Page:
For the reality side of things, the stuff that is in the base level I think can all be taken as is.  I would go even further to say that all the consequences that happened to the girls in Baby Doll’s fantasies happened in the real world as well.  Hence I feel, Sweet Pea escaped, Rocket, Blondie, and Amber bit it some how, leaving Baby Doll having to make some sort of sacrifice to allow Sweet Pea’s escape.  This interpretation allows for the films fantasy elements to be taken far more literally and have stakes making everything in the film matter; even if you have to watch it again to experience that sensation.

If this is the truth than it also blankets everything with an overall level of sadness in just how hopeless it all is for them.  Even in their deepest and most outrageous fantasies they can’t escape the pain, terror, and death of their predicament, elevating their desire to escape a more urgent and futile goal.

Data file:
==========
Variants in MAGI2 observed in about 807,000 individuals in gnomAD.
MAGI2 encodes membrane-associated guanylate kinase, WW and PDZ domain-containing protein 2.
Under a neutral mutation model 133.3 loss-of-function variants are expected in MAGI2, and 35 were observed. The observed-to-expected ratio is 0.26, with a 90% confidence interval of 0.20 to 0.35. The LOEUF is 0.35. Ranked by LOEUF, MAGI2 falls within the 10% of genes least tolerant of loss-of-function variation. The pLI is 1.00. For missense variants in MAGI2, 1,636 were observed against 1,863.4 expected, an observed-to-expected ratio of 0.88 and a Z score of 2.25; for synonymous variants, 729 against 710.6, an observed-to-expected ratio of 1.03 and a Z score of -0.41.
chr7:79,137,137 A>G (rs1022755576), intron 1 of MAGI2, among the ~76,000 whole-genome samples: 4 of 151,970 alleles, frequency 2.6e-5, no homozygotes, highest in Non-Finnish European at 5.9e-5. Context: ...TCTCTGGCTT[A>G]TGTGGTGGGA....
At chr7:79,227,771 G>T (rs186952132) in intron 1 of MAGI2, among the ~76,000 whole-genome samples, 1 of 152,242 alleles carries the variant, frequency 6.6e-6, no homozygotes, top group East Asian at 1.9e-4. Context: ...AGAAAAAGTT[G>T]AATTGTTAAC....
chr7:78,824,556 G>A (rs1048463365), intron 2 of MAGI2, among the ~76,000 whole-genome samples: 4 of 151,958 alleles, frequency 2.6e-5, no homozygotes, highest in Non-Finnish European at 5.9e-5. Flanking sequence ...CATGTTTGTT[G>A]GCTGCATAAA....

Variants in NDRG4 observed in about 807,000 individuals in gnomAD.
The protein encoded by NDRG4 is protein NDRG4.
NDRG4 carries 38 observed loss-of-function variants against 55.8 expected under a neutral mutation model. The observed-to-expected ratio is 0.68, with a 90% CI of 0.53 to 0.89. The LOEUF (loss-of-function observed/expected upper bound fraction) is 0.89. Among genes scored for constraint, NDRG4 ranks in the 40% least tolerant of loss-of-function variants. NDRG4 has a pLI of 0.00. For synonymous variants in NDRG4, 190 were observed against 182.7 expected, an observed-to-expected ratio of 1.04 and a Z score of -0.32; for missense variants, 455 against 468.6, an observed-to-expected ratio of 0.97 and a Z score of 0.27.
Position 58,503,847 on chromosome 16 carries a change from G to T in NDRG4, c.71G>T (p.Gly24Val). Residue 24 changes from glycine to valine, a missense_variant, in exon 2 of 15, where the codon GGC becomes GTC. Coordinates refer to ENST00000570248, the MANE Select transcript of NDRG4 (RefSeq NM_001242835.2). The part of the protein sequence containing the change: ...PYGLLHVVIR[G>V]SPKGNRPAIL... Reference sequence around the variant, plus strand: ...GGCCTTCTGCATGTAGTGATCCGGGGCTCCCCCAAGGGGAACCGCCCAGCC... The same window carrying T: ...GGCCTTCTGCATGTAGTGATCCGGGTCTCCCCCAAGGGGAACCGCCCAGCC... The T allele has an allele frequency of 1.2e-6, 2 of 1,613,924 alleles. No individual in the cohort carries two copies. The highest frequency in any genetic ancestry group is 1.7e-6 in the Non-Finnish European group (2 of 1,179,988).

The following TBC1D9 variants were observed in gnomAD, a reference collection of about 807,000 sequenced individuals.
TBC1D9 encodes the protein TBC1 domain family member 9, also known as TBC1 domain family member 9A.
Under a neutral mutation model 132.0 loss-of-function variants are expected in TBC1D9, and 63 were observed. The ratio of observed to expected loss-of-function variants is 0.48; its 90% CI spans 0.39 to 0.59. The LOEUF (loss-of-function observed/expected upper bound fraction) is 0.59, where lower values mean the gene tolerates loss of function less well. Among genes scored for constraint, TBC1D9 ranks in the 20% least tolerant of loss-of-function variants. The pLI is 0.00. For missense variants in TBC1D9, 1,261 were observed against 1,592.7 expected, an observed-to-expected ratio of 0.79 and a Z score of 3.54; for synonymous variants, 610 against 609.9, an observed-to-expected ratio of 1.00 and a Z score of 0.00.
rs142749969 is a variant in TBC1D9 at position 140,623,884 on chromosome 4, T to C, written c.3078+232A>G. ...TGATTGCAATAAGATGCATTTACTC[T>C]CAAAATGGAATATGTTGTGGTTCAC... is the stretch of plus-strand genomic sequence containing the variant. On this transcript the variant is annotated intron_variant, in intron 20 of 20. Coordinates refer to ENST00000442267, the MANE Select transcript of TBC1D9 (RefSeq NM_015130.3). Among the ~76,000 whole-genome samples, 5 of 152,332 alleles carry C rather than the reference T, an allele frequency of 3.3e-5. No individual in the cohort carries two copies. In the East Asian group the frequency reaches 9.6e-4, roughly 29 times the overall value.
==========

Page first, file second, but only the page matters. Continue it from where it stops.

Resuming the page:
Also, who do you think killed the Baby Doll’s sister; her or her Stepdad?

Lauren: Well, at least we know that Baby Doll can’t escape the pain through fantasy because who is to say what the other girls were really like.  Blondie could be happily coloring on the floor somewhere and Amber could be bouncing off the padded walls of a different room during all of this, which sounds fun to me.  Granted what I said above shows that this is highly unlikely, but who knows.

Which is why I think the look that Baby Doll gives to Hamm speaks volumes.  As you said she cannot escape the reality of her situation no matter how much she tries, and with the additional realization that she will be stuck in the psych hospital forever with these abusive orderlies and rapists with the blame for her sister’s murder weighing heavily on her shoulders (which I took this to be true), she just wanted it all to be over.  Hamm says something to the extent that it looked like she was begging him to lobotomize her, and I believe this is because her escape attempts both physically and mentally didn’t succeed, but the lobotomy will make it so she doesn’t care.  And as far as I can discern she gets her wish based on the final look on her face when the cop asks if she is ok.